On Monday evening, Hong Kong police finally received the reply that everyone had been waiting for, a message from Guangdong police confirming that the missing HK bookseller Lee Bo is in fact in mainland China.
The message was finally received 17 days after an inquiry was first made. Inside, Guangdong officials stated they “understood that Lee Po [sic] is in the mainland.”
— Danny Lee (@JournoDannyAsia) January 18, 2016
Hong Kong police have requested a meeting with Lee to better understand the situation.
Included along with the message was a letter from Lee addressed to a Hong Kong “relevant government department.” The contents of the letter were similar to that of a letter received by Lee’s wife on Monday:
— BenjaminRobertson李博岳 (@BRobertsonSCMP) January 19, 2016
Lee is the most famous of a group of five missing shareholders and staff associated with Hong Kong’s Causeway Bay Books, a shop that specializes in selling books that are banned on the mainland.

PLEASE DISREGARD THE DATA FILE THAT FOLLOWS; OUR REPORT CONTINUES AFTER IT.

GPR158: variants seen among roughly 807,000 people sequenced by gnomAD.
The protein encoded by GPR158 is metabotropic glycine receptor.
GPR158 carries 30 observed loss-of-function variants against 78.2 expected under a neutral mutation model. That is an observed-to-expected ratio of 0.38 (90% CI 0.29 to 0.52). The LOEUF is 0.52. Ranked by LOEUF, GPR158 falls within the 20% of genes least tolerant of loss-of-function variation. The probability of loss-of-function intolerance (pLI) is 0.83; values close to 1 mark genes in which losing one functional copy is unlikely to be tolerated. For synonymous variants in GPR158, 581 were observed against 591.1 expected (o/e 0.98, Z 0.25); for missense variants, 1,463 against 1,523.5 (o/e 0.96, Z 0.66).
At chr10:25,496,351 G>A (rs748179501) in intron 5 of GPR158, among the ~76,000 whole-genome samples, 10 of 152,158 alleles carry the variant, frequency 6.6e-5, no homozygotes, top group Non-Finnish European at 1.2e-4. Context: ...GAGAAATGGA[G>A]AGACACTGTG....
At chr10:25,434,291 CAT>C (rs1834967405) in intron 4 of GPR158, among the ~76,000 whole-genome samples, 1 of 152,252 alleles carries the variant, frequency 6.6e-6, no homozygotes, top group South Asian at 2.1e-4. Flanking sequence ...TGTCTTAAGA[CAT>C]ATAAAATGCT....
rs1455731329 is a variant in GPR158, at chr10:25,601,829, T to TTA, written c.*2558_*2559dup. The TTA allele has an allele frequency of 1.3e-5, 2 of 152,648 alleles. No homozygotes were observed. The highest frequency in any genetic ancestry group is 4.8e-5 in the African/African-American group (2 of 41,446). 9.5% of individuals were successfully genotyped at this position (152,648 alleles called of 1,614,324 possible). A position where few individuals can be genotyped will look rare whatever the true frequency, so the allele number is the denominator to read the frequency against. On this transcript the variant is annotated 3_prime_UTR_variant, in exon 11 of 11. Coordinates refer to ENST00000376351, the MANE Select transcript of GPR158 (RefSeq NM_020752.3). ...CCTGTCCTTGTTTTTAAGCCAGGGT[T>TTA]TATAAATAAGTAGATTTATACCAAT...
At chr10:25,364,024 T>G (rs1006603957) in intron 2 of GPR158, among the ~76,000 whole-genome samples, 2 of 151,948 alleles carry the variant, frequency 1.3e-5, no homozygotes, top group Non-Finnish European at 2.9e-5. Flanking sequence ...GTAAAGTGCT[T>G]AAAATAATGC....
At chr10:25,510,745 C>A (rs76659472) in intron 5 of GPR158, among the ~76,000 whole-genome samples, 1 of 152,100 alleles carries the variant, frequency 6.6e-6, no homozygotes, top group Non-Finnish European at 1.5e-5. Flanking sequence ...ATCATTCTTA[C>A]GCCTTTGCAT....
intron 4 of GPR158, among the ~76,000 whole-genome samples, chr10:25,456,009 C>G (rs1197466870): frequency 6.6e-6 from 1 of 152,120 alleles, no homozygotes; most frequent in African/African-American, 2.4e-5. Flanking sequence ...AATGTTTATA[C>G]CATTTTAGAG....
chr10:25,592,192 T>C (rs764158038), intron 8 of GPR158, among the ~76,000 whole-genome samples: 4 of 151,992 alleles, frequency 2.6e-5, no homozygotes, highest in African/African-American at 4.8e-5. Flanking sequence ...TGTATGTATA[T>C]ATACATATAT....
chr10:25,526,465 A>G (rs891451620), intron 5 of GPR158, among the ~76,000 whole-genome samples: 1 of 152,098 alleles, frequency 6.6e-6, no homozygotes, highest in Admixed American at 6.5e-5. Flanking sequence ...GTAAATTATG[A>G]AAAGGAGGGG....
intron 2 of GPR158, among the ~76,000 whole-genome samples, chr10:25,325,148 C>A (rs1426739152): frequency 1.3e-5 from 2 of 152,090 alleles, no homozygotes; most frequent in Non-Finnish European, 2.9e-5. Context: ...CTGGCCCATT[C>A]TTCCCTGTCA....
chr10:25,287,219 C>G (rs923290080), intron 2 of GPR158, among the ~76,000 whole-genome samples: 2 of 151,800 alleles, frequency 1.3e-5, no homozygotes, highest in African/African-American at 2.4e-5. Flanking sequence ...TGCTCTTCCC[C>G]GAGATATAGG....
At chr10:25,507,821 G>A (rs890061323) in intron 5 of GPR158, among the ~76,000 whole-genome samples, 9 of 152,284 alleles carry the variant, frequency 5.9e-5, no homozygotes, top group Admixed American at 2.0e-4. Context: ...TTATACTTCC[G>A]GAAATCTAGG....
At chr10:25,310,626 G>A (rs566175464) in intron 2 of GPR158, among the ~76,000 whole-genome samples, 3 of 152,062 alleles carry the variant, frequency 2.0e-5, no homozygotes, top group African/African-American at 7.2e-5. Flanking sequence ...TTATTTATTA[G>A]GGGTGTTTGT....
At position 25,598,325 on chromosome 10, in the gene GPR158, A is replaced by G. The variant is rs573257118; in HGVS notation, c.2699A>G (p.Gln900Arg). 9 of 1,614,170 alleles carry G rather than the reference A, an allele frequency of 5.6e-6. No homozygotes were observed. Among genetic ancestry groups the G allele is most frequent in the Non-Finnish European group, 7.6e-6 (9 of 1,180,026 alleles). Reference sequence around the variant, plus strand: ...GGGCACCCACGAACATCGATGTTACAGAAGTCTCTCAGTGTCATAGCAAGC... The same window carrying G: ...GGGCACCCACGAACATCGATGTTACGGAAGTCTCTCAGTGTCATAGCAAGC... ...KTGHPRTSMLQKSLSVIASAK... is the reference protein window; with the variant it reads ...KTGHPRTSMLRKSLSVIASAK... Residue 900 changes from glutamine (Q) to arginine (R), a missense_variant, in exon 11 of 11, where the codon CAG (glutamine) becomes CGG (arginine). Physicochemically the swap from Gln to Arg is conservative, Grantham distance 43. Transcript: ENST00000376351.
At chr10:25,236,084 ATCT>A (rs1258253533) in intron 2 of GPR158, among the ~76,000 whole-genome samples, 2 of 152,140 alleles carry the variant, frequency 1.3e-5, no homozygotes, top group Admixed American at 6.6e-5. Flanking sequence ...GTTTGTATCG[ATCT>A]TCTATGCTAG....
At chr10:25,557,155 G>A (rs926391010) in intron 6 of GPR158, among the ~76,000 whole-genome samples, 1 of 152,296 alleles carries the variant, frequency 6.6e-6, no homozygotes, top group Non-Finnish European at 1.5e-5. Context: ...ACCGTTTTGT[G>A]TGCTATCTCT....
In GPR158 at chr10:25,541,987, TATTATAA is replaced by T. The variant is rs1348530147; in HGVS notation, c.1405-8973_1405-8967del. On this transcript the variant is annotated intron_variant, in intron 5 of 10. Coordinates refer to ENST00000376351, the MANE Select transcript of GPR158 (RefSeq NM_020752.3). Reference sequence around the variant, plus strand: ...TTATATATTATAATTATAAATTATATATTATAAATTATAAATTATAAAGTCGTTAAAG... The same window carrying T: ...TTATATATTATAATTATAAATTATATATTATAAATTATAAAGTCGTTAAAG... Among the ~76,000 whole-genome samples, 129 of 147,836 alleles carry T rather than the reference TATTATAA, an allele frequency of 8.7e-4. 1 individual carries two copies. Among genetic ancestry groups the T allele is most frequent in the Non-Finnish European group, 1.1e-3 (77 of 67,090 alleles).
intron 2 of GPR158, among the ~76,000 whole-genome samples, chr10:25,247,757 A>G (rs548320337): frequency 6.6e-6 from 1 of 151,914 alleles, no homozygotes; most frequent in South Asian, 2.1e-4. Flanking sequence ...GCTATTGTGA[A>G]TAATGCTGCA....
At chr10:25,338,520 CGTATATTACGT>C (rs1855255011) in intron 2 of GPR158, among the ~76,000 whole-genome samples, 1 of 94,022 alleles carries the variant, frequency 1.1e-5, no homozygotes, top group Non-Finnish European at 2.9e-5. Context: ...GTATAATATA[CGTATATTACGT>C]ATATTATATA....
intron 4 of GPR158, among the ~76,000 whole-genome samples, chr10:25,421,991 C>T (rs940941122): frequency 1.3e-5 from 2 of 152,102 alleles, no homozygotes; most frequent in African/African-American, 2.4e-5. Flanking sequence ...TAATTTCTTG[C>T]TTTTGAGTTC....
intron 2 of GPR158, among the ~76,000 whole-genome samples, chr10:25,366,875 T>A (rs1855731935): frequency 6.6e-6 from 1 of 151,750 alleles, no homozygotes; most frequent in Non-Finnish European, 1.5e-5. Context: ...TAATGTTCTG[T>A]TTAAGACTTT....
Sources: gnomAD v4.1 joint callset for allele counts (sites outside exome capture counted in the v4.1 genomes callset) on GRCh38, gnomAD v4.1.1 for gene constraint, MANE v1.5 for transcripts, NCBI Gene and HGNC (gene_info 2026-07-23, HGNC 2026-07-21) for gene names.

Over the weekend, Lee’s colleague Gui Minhai turned up on state media TV in a tearful confession where he claimed that he had returned to the mainland to stand trial for killing a college student while drunk driving more than a decade ago. Gui had disappeared from his Thailand apartment last October.
Lee himself went missing on December 30th with his wife submitting a missing person report on January 1st. Under a reciprocal mechanism, China is obligated to notify Hong Kong authorities within two weeks if detaining a HK resident.
It has long been suspected that Lee was in the mainland. On the night of his disappearance, he made a suspicious call to his wife speaking in Mandarin, assuring her that everything was fine.
He has also penned a series of letters to his wife, telling her that he is assisting mainland police in an investigation, expressing his confusion about why his disappearance has become such a high profile issue and urging people not to join in demonstrations or stir up trouble over the issue.
He claims to have traveled to China voluntarily; though, he neglects to explain why his travel documents remain in Hong Kong or how he managed to get into the mainland.